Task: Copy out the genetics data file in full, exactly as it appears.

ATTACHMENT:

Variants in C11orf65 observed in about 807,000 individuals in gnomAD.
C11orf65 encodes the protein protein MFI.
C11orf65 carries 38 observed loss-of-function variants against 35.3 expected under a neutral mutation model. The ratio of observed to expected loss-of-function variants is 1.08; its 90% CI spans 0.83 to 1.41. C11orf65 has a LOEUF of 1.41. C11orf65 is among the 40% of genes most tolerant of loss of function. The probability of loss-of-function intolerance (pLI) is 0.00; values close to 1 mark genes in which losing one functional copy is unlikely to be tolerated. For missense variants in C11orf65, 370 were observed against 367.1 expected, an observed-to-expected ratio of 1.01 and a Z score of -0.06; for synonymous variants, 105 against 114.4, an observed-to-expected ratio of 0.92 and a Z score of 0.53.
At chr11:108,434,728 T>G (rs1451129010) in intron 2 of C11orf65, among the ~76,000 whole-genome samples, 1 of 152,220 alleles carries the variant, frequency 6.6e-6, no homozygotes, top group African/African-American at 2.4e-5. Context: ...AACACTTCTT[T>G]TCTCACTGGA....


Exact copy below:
Variants in C11orf65 observed in about 807,000 individuals in gnomAD.
C11orf65 encodes the protein protein MFI.
C11orf65 carries 38 observed loss-of-function variants against 35.3 expected under a neutral mutation model. The ratio of observed to expected loss-of-function variants is 1.08; its 90% CI spans 0.83 to 1.41. C11orf65 has a LOEUF of 1.41. C11orf65 is among the 40% of genes most tolerant of loss of function. The probability of loss-of-function intolerance (pLI) is 0.00; values close to 1 mark genes in which losing one functional copy is unlikely to be tolerated. For missense variants in C11orf65, 370 were observed against 367.1 expected, an observed-to-expected ratio of 1.01 and a Z score of -0.06; for synonymous variants, 105 against 114.4, an observed-to-expected ratio of 0.92 and a Z score of 0.53.
At chr11:108,434,728 T>G (rs1451129010) in intron 2 of C11orf65, among the ~76,000 whole-genome samples, 1 of 152,220 alleles carries the variant, frequency 6.6e-6, no homozygotes, top group African/African-American at 2.4e-5. Context: ...AACACTTCTT[T>G]TCTCACTGGA....